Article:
Linda Murray: If your labor is induced, it means your caregiver will use medication or other techniques to kick-start the process. It's done when your caregiver thinks the risks of waiting for labor to start on its own are higher than the risks of inducing labor. Induced labor, or induction, as it's sometimes called, is getting more and more common. Today, more than 1 in 5 pregnant women in the United States has her labor started for her, which is more than double the rate 20 years ago.
You might be induced for a variety of reasons, including: you've gone a week or 2 past your due date; it's been 12 to 24 hours since your water broke; you've been diagnosed with preeclampsia, a pregnancy condition involving high blood pressure; your placenta doesn't seem to be working properly; you have low amniotic fluid; or your baby's health or yours is at risk.
Your caregiver can start your labor in several ways. If your cervix hasn't already begun to ripen, or thin and open spontaneously, she'll use medication or another technique to get that process going. Once your cervix is ripe, contractions may start on their own. If they don't, you'll get a drug called Pitocin, a synthetic form of the hormone oxytocin, that will prompt contractions. The most common methods used to ripen the cervix and get contractions started include: inserting medication into your vagina; putting pressure on your cervix with a small, water-filled balloon; stripping or sweeping the membranes, which means your caregiver uses a finger to separate your amniotic sac from the lower part of your uterus; breaking your amniotic sac with a small, hooked tool; and giving you an IV infusion of the drug Pitocin. Many women who are induced experience more than one of these techniques.
If you're induced, you'll need continuous fetal monitoring, so your caregivers can keep close tabs on how you and your baby are doing. Some induction methods like Pitocin can occasionally cause contractions to come on too strong and too fast, which can stress your baby and be tough for you. In rare cases, the methods can cause more serious complications. This is why induction is only recommended when your caregiver feels it's necessary. You may want to ask ahead of time about your caregiver's views on when induction is worth doing. You should also know that inductions don't always work in a timely manner. If your labor fails to progress, you'll need a c-section, since the whole reason you're being induced is that your caregiver thinks it's important to get your baby delivered as soon as possible.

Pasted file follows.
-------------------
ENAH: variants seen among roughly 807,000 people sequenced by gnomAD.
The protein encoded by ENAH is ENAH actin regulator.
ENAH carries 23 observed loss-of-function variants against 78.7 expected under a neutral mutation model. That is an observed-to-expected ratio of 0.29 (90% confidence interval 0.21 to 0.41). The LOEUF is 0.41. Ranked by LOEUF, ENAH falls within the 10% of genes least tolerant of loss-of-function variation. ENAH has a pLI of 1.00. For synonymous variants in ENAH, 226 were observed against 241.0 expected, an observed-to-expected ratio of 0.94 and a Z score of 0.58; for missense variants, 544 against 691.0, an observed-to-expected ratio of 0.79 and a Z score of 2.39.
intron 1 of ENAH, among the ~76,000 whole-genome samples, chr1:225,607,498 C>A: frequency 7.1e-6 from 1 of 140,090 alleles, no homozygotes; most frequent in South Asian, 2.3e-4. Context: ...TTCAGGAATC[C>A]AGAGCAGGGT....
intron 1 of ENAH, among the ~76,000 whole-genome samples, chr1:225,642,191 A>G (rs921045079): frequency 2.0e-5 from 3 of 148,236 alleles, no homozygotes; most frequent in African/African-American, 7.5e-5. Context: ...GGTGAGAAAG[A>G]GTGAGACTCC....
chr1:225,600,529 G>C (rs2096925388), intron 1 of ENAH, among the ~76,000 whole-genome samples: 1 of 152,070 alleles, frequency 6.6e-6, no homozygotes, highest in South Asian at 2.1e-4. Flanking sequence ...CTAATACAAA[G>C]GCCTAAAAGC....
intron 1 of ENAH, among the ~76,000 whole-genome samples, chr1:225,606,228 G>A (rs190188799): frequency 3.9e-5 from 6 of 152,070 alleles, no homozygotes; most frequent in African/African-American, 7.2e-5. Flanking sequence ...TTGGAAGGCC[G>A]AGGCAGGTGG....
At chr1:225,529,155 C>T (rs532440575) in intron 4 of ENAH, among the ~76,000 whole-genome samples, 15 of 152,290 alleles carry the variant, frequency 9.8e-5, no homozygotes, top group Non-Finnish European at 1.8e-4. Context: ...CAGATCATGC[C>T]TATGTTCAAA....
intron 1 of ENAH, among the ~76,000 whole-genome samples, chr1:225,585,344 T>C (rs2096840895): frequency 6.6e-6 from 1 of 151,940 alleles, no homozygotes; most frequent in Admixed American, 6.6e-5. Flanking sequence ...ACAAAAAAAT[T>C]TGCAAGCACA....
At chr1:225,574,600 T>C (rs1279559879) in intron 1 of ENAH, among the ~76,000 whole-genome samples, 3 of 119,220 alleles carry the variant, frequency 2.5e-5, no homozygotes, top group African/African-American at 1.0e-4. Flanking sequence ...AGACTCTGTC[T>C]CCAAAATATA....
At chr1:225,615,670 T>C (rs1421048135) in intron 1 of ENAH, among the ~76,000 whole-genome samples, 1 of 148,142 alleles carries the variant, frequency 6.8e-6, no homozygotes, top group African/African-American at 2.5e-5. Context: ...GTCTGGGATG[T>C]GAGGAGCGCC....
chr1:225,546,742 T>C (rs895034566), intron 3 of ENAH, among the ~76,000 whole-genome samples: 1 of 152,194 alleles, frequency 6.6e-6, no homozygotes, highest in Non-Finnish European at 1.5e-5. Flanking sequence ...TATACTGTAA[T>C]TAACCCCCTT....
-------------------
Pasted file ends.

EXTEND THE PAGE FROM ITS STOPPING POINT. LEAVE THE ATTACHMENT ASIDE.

Mom 1: I was induced. I was about a week late, and we scheduled the time with our doctor, went in the night before and did not realize it was going to be a 22-hour ordeal. The nurses gave me Pitocin to get things moving along, and then the next morning, I think they even gave me another drug.
Dad: They gave you a couple.
Mom 1: Yeah.
Dad: And then they broke the water.
Mom 1: And then they broke the water, and after that, things just started moving along. The contractions just came pretty quickly.
Mom 2: I had heard from everybody who ever told me about Pitocin that it was not fun. I had wanted to avoid it, and it definitely got things going.
Mom 3: Nothing's happening. I haven't dilated. My water hasn't broken. So what they did was, basically, they started me on Pitocin that morning, and I continued on Pitocin for pretty much the entire day with no effect.
Mom 4: I wouldn't say I was in pain until, you know, like 9 o'clock, and that's when they were starting to give me a bit more Pitocin. And even then, I was feeling contractions, but they weren't very strong, or not what I expected labor to feel like.